- Two shots were fired at a Muslim prayer room in the town of Port-la-Nouvelle in the southern region of Aude on Wednesday evening
- A Muslim family was shot at in their car in Caromb, in the southern region of Vaucluse
- Dummy grenades were thrown during the night at a mosque in Le Mans, western France
- The slogan “Death to Arabs” was daubed on the door of a mosque in Poitiers, central France, during the night
- A blast hit a kebab shop beside a mosque in Villefranche-sur-Saone in central France
We Killed Charlie Hebdo
Paris has been placed on the highest terror alert and extra troops have been deployed to guard media offices, places of worship, transport and other sensitive areas.
On Wednesday, eight journalists – including the magazine’s editor – died along with a caretaker and a visitor when masked men armed with assault rifles stormed the Charlie Hebdo offices during an editorial meeting. Eleven people were also wounded, some seriously.
Two policemen were also killed.
Witnesses say the gunmen shouted “we have avenged the Prophet Muhammad” and “we killed Charlie Hebdo”, as well as “God is Great” in Arabic.
The attackers fled to northern Paris before abandoning their car and hijacking a Renault Clio, police say.
The magazine’s office was firebombed in 2011. It had angered some Muslims by printing cartoons of the Prophet Muhammad as part of its irreverent take on news and current affairs.
People stood in silence in public spaces across France at midday (11:00 GMT) as the bells of Notre Dame cathedral in Paris and churches nationwide tolled in mourning.
Chris, one of those who had gathered on the Place de la Republique in Paris, told the BBC about the impact of a major terrorist attack on France: “It’s just too bad it’s happened. We don’t understand.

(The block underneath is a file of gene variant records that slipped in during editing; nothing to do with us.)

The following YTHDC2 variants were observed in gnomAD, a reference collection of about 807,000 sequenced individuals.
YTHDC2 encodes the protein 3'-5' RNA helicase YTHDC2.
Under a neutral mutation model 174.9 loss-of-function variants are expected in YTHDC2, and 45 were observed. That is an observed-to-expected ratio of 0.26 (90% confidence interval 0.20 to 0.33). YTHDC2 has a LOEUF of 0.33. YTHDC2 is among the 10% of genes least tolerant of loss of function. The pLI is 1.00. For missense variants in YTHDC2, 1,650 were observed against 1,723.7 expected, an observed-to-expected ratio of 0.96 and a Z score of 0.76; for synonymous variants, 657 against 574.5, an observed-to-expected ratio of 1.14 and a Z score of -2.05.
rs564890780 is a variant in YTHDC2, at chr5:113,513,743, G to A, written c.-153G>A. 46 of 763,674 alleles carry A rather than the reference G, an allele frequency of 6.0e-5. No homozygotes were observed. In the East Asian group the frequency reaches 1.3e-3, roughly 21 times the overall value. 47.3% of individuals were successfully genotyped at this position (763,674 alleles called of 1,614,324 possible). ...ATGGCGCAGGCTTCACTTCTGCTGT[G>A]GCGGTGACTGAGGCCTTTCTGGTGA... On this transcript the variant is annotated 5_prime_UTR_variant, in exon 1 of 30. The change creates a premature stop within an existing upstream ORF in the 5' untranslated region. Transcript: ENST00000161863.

“You know, in previous years everyone told us it could happen. It happened in Spain, it happened in Britain, it happened everywhere. But everything is falling on us. The sky is just falling on our heads.”
Vigils were held through the night in Paris and cities worldwide in tribute to the dead. Many demonstrators held up placards reading “Je suis Charlie” (I am Charlie) in solidarity with the victims.
French President Francois Hollande said the country’s tradition of free speech had been attacked and called on all French people to stand together.
Cartoon tributes are circulating on social media, sending out the message of press freedom. One Dutch cartoon plays on 9/11 Twin Towers imagery, showing a plane flying towards two upright pencils.
Thursday’s national day of mourning is only the fifth held in France in the past 50 years.
National Days Of Mourning In France
- 12 November 1970 – Death of former President Charles de Gaulle
- 6 April 1974 – Death of President Georges Pompidou
- 11 January 1996 – Death of former President Francois Mitterrand
- 14 September 2001 – 9/11 attacks on New York and Washington
- 3 April 2005 – Death of Pope John Paul II
Charlie Hebdo attack sequence